It was St Athanasius who said,"God became man that man may become God".

It was St Paul who said, "He was made sin for us who knew no sin that we may be made the righteousness of God in Him"

The emphasis in the West is on the Beatific Vision of God. Theosis is not a concept that one can find in the Catechism (please correct me if I'm wrong) and, in any event, the West sees this much differently than the East.

Theosis allows us to participate in the Divine Energies of God and it is only in this way that we may participate in the Life of God. We cannot participate in God's Divine Essence (for then, we truly would become God), nor in His Three Hypostases (for the same reason), but we can participate in His Divine Energies, as Palamism and Orthodox teaching explicate.

These Energies transfigure us by way of deification which impact is described in iconography where the halo of the Saints surrounds their actual heads/bodies which resemble the icon of Christ. This exists in the West, but in earlier Western iconography rather than the later Baroque style pictures where only the Humanity of Christ is depicted without much iconographic indication as to His Divinity - the same is true for later Western art of the Saints.

The West tends to emphasize the Humanity of Christ, truly having "humbled Himself to share in our humanity," His Passion and suffering etc.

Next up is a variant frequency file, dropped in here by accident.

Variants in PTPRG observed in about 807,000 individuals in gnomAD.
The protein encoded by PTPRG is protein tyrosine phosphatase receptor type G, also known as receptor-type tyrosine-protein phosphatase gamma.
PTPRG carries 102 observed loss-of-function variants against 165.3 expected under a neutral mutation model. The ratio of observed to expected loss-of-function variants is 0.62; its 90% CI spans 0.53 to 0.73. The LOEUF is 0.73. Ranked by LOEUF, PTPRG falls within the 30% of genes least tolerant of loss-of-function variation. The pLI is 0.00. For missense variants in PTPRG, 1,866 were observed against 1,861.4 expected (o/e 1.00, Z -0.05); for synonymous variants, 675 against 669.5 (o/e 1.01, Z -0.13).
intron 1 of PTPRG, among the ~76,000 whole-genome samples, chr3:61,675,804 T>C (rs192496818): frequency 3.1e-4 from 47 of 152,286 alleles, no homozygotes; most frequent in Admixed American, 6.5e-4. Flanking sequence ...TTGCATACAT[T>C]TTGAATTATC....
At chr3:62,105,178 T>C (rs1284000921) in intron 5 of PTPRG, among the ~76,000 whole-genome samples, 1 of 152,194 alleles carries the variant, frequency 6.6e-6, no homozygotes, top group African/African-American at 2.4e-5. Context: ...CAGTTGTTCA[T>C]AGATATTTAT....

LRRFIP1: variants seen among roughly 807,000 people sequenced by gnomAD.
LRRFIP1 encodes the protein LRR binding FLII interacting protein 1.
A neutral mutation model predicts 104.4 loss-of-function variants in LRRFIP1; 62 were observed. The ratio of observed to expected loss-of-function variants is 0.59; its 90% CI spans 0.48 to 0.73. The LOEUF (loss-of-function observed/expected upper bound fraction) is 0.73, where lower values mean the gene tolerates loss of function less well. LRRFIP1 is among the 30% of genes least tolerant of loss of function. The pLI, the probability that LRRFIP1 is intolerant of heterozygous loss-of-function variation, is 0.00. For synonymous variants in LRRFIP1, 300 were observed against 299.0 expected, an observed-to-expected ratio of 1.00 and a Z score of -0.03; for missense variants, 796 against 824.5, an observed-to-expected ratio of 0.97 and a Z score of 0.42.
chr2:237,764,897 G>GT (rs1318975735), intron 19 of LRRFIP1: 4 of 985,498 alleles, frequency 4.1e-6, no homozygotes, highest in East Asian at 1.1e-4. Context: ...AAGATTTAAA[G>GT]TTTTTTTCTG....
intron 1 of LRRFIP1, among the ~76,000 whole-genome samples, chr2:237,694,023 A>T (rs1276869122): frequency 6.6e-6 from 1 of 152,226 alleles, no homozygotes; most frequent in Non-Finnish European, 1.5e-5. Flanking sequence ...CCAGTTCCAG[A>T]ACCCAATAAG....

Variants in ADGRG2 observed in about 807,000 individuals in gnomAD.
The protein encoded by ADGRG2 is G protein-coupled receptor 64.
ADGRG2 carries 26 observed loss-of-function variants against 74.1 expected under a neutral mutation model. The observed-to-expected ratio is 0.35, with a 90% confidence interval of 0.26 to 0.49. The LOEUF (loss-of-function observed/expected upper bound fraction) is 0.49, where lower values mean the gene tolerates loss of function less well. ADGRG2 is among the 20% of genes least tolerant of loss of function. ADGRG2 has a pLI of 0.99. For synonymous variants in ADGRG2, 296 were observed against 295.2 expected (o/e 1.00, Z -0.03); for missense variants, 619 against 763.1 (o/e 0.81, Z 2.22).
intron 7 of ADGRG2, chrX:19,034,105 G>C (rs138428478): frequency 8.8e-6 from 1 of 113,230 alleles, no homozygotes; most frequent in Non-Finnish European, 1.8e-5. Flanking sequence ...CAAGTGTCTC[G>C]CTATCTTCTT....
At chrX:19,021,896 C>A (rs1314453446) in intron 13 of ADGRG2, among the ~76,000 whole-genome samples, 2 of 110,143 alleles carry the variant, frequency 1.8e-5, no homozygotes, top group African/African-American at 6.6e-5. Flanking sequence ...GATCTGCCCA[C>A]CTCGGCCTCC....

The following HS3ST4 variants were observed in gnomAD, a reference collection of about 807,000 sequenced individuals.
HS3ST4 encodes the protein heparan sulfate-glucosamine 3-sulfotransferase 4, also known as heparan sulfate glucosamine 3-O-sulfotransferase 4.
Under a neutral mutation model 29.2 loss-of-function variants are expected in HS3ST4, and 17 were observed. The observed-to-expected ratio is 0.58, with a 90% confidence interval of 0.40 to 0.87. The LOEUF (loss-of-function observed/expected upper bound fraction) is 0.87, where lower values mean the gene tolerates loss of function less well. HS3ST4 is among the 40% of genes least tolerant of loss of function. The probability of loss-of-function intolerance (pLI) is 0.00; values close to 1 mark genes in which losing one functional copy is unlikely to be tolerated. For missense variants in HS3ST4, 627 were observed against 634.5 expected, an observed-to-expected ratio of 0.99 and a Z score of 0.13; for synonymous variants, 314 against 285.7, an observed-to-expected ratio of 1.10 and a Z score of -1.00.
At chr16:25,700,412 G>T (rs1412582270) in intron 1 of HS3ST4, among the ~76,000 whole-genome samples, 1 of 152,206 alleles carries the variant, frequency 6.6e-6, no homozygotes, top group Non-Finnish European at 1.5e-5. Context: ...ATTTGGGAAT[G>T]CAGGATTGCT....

The East does emphasize the Divinity of Christ and His deified Humanity. "Whoever sees Me, sees the Father" etc.

We are called not only to reconciliation with God through Christ by the Spirit, but to fulfill our destiny as Christians to deification/Theosis in Christ.

(This morning I saw a fellow driving with a licence plate that said, "THEOSIS." :) )

Alex

[quote="Celticnovice, post:8, topic:237857"]
Totally agree with everything You have posted and share your same frustrations...Do you think Theosis gets enough attention in the western church? Or is it that different aspects of it are highlighted?

[/quote]

I think that it is given more than enough attention in the liturgy, but I would admit that I would like to hear more homilies on it...I think that many average Joe Latins are vaguely aware of the concept, but wouldn't be able to articulate it. That being said, while there is the Laitn tradition of explicitly stating that "we are gods", the emphasis tends to be more on our divine sonship as adopted children of God and co-heirs of Christ. In this sense, you more often hear Latin Catholics speaking of us becoming 'sons of God' rather than 'becoming God" (though both concepts speak to the same truth).